Image is of moon-rise seen through cherry blossoms in Roppongi, Tokyo.|
A 1942 Declaration for Greater East Asian Co-operation
Translation by Yayoi KOIZUMI and Zeljko Cipris
Introduction by James Orr
The “Declaration for Greater East Asian Co-operation” was a wartime booklet and elementary text published for use in Japan’s Asian and Pacific colonies and occupied territories. Through the presentation of attractive images of children and people of many lands and cultures, the images convey the noble mission that informed Japanese wartime propaganda—that Japan would unite fellow Asians under its leadership to throw off the yoke of exploitive Western imperialism. The text also reveals the imperialist assumptions that Japan shared with those same imperialist powers, but here cloaked in a rhetoric evocative of Confucian benevolence.
For example, a Japanese military officer on horseback is shown as a smiling agent of change with Asian brothers and children as eager recipients of Japanese guidance in the advance of civilization. As the metropole in the imagined Greater East Asian Co-Prosperity Sphere, Japan naturally takes the lead in organizing and marshalling the energies and talents of this region's peoples as well as their territories' natural wealth. Japanese is imagined as the lingua franca of the region. Japanese universities are the citadels of learning where future Asian leaders are mentored by Japanese teachers. And an implicit division of labor identifies former Western colonies as suppliers of raw materials for the advanced industrial power that is Japan. It is a vision of an autarkic utopian community of harmony in which Japan would lead the way in smashing the old colonial order symbolized by Churchill and Roosevelt. Now, with the cooperation of the once colonized and occupied people across Asia, a new zone of cooperation and prosperity can emerge under the watchful gaze of the benevolent Japanese military: “Now, with ringing footsteps, let us all advance together.”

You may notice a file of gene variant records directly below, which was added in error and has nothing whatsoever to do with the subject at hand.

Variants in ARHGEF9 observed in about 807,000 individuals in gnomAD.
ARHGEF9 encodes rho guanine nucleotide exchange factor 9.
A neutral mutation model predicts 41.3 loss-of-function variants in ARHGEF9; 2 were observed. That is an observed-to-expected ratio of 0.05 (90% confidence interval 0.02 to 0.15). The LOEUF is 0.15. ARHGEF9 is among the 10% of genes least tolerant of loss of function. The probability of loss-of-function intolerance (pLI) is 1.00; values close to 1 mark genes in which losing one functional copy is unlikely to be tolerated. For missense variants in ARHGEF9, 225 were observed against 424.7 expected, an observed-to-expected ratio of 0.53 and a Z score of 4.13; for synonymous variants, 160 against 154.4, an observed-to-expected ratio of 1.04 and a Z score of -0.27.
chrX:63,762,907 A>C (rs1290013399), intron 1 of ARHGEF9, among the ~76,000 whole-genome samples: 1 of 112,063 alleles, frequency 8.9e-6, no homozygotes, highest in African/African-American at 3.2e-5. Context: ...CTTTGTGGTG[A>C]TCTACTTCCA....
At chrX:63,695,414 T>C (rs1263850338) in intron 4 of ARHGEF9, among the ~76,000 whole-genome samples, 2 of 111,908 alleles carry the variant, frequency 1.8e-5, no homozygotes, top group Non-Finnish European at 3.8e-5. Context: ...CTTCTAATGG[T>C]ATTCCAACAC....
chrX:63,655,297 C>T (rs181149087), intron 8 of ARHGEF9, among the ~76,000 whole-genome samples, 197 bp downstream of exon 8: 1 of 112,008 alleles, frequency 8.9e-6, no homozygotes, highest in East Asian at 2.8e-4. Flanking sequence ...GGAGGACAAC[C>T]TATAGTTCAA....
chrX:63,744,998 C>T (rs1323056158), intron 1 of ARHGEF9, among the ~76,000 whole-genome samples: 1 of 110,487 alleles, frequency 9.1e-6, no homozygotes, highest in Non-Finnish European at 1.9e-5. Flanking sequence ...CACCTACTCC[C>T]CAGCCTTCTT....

Map showing stages of formation of the Japanese empire
Yet the story of Japanese imperialism in Asia differs from that of Western imperialism precisely because, in addition to seeing themselves as mentors on the path toward advanced civilization, Japanese understood themselves to be culturally, racially, and historically linked with Asians. And rather than the bilateral ties that European powers sought to establish with their Asian colonies, Japan sought to create multilateral relations in an East Asian community, albeit ones that it would dominate. How does this wartime Japanese imperialist propaganda reflect this difference from the Western prototype? Does the message of Asian brotherhood and Japanese benevolence mitigate or exacerbate the exploitive reality of Japanese imperial leadership/rule? How are these concepts conveyed in the printed image? What expectations does the Confucian idiom of brotherhood and benevolence raise, and how might these expectations alter perceptions of Japanese hegemony in a culturally diverse Asia? Are the contradictions in the domestic Japanese discourse on Japanese national identity—a discourse that harbored extremely divergent visions from Fukuzawa Yukichi’s “Escape from Asia, Join Europe” modernism to Okakura Tenshin’s “Asia is One” traditionalism, to borrow slogans from Japan’s earlier Meiji era—reflected in this wartime propaganda? And finally, given the utterly central role of the Japanese Emperor in modern Japanese national aspirations, how can we explain his apparent absence from these images?